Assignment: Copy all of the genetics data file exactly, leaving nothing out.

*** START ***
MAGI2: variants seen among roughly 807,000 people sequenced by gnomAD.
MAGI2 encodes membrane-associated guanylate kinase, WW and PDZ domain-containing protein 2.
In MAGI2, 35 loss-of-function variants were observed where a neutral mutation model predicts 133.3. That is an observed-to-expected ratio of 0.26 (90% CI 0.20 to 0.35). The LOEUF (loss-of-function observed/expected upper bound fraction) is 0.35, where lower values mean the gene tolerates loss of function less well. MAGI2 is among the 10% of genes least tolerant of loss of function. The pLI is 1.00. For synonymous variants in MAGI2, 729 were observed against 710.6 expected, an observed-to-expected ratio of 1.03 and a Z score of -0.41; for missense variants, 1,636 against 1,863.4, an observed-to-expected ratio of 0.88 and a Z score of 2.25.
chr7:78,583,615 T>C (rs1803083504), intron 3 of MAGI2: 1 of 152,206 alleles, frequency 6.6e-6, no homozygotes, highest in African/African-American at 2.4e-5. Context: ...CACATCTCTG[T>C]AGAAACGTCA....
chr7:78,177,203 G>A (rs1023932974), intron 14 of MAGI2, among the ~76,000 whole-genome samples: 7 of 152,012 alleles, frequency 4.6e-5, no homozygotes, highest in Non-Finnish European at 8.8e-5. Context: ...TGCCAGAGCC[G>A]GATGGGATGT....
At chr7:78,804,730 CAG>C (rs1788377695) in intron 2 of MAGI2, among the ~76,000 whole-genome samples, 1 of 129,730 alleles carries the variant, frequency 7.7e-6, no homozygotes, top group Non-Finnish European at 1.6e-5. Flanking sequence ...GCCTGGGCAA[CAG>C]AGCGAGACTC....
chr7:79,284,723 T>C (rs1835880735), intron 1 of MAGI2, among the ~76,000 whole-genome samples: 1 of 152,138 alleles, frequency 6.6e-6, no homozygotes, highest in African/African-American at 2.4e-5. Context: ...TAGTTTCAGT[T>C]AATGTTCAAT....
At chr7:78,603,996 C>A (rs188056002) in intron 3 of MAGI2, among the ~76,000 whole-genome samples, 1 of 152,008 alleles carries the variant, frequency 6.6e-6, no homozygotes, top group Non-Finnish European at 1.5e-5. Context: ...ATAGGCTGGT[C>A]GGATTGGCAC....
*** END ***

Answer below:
MAGI2: variants seen among roughly 807,000 people sequenced by gnomAD.
MAGI2 encodes membrane-associated guanylate kinase, WW and PDZ domain-containing protein 2.
In MAGI2, 35 loss-of-function variants were observed where a neutral mutation model predicts 133.3. That is an observed-to-expected ratio of 0.26 (90% CI 0.20 to 0.35). The LOEUF (loss-of-function observed/expected upper bound fraction) is 0.35, where lower values mean the gene tolerates loss of function less well. MAGI2 is among the 10% of genes least tolerant of loss of function. The pLI is 1.00. For synonymous variants in MAGI2, 729 were observed against 710.6 expected, an observed-to-expected ratio of 1.03 and a Z score of -0.41; for missense variants, 1,636 against 1,863.4, an observed-to-expected ratio of 0.88 and a Z score of 2.25.
chr7:78,583,615 T>C (rs1803083504), intron 3 of MAGI2: 1 of 152,206 alleles, frequency 6.6e-6, no homozygotes, highest in African/African-American at 2.4e-5. Context: ...CACATCTCTG[T>C]AGAAACGTCA....
chr7:78,177,203 G>A (rs1023932974), intron 14 of MAGI2, among the ~76,000 whole-genome samples: 7 of 152,012 alleles, frequency 4.6e-5, no homozygotes, highest in Non-Finnish European at 8.8e-5. Context: ...TGCCAGAGCC[G>A]GATGGGATGT....
At chr7:78,804,730 CAG>C (rs1788377695) in intron 2 of MAGI2, among the ~76,000 whole-genome samples, 1 of 129,730 alleles carries the variant, frequency 7.7e-6, no homozygotes, top group Non-Finnish European at 1.6e-5. Flanking sequence ...GCCTGGGCAA[CAG>C]AGCGAGACTC....
chr7:79,284,723 T>C (rs1835880735), intron 1 of MAGI2, among the ~76,000 whole-genome samples: 1 of 152,138 alleles, frequency 6.6e-6, no homozygotes, highest in African/African-American at 2.4e-5. Context: ...TAGTTTCAGT[T>C]AATGTTCAAT....
At chr7:78,603,996 C>A (rs188056002) in intron 3 of MAGI2, among the ~76,000 whole-genome samples, 1 of 152,008 alleles carries the variant, frequency 6.6e-6, no homozygotes, top group Non-Finnish European at 1.5e-5. Context: ...ATAGGCTGGT[C>A]GGATTGGCAC....